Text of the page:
img_20190704_134916

Bull Hill

As I predicted, on the other side of the corniced snow was bare tundra and rocks and the Bull Hill descent was no trouble at all. As I crossed 82, I looked at my mileage so far and realized that I had under calculated. But, that’s ok. Even if it adds up and I end up at 40, it’ll still be okay. But, if I don’t want to go on, I should really decide that now because this is probably the point of no return. Once I cross over La Plata, I’ll be committed to this loop. Committed, I was. Because of my late morning start, I hit the La Plata trailhead late enough that I only saw one group still making their way down on the 100 switchbacks. We stopped to chat about dogs and weather and things, and one of the guys said, “I bet you could still make it to the summit if you pushed it.” Hahahahaha. It was 5:45pm. I said, “Well, I sure hope so because I’m going over to the other side.” I hoped, at that point, that I’d make it to 390A on the other side of the SW La Plata TH before dark, as I was still worried about the unknown snow conditions and also about route finding in the basin.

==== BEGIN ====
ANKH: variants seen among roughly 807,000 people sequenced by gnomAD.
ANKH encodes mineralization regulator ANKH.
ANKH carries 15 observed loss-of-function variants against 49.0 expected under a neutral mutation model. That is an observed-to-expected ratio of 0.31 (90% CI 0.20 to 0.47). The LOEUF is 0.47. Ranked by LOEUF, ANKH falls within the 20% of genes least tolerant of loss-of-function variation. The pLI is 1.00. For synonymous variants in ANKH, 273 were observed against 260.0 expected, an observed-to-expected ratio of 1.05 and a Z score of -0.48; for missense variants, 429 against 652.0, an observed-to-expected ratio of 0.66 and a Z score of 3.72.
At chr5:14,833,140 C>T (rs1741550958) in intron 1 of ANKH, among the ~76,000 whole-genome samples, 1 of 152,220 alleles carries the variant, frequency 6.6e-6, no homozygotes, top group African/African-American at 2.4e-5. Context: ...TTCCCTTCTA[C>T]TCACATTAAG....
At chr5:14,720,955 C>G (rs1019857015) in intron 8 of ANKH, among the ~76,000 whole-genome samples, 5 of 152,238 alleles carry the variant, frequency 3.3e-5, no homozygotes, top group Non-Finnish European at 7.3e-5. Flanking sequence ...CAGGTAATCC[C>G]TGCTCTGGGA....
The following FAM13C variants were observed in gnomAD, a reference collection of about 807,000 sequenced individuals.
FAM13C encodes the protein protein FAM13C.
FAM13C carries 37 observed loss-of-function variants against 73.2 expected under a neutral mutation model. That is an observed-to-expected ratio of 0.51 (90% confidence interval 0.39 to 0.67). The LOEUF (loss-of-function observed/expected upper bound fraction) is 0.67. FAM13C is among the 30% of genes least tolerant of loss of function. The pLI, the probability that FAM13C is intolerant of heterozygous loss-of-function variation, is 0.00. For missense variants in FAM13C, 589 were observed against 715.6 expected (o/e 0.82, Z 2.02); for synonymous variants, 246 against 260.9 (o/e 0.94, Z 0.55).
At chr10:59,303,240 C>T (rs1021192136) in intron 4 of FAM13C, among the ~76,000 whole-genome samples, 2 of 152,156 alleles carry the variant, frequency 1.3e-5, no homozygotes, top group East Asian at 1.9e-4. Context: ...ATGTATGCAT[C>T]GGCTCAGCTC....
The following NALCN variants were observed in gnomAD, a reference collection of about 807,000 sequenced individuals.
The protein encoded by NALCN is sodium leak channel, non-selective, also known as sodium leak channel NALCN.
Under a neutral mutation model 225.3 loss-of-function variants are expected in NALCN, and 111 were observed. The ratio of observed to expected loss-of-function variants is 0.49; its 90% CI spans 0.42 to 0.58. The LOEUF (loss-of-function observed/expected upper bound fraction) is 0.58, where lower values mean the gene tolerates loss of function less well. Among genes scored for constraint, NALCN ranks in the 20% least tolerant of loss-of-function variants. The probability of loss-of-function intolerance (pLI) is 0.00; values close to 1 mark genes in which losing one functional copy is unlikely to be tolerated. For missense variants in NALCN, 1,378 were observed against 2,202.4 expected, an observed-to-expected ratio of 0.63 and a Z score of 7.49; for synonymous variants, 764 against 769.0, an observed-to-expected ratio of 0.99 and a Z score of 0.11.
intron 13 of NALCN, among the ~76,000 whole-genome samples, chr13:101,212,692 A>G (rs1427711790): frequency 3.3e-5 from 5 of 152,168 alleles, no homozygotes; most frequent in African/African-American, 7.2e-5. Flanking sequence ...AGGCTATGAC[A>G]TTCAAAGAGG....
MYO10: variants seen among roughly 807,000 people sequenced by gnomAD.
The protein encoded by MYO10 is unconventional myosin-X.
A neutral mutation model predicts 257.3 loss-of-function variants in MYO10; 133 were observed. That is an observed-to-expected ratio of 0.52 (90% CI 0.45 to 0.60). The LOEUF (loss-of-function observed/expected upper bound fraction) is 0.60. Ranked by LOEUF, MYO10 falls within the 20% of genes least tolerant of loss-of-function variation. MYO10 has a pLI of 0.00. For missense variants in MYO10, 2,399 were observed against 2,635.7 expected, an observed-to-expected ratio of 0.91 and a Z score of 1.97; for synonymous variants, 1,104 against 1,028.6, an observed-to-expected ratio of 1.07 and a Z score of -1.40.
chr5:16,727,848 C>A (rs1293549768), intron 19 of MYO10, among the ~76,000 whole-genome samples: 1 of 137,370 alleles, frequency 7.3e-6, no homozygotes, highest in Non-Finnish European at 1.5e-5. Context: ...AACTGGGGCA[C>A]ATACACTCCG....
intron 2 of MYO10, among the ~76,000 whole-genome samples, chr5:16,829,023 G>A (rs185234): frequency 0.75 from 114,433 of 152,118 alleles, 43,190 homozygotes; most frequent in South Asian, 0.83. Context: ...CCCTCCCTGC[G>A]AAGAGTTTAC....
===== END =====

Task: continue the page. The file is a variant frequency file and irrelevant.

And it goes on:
img_20190704_141005

the ridge to Bull Hill

“What’s on the other side?” He asked, incredulous. I thought for a moment, the probably snow-filled basin? 390A? Winfield? Salvation? A cold, honest night alone in the mountains? “Nothing at all.” I said, and went on climbing, my thighs were burning and progress slowing. My first yoga teacher was always saying when a pose was hard and your legs were burning, it’s “Burning Enthusiasm.” Because you can choose it to be burning enthusiasm instead of burning misery. And the burning, besides, is what burns up all the garbage, all the thoughts and worries and fears and past you’re gripping, tapas, the physical struggle, can burn them out and leave you alone with yourself. Each slow step burns and I try to think, “Burning Enthusiasm.”

img_20190704_191506

from La Plata, looking west at the setting sun